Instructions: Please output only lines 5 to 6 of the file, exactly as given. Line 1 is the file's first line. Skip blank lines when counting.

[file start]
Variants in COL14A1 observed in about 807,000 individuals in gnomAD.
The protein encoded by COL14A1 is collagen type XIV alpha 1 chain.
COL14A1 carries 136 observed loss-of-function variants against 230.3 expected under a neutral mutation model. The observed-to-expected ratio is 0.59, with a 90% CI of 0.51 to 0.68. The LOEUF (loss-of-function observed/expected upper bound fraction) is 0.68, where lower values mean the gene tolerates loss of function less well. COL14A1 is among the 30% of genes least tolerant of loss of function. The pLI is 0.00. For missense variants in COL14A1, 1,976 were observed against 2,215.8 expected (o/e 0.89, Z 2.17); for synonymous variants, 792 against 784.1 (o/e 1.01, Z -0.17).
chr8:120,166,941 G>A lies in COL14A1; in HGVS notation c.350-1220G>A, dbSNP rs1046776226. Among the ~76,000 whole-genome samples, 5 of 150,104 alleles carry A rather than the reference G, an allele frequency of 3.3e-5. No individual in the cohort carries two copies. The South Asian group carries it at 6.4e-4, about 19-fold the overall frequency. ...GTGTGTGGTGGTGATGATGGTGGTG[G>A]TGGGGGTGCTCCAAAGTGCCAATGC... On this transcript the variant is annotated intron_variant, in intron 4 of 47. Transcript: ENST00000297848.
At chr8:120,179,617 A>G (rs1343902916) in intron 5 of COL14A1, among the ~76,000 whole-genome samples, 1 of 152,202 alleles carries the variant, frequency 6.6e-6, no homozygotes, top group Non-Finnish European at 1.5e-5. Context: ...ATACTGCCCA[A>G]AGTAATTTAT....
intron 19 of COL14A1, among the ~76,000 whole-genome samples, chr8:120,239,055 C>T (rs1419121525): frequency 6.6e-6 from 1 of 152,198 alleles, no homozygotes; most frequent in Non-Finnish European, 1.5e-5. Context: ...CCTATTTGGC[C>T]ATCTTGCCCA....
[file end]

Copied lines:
At chr8:120,179,617 A>G (rs1343902916) in intron 5 of COL14A1, among the ~76,000 whole-genome samples, 1 of 152,202 alleles carries the variant, frequency 6.6e-6, no homozygotes, top group Non-Finnish European at 1.5e-5. Context: ...ATACTGCCCA[A>G]AGTAATTTAT....
intron 19 of COL14A1, among the ~76,000 whole-genome samples, chr8:120,239,055 C>T (rs1419121525): frequency 6.6e-6 from 1 of 152,198 alleles, no homozygotes; most frequent in Non-Finnish European, 1.5e-5. Context: ...CCTATTTGGC[C>T]ATCTTGCCCA....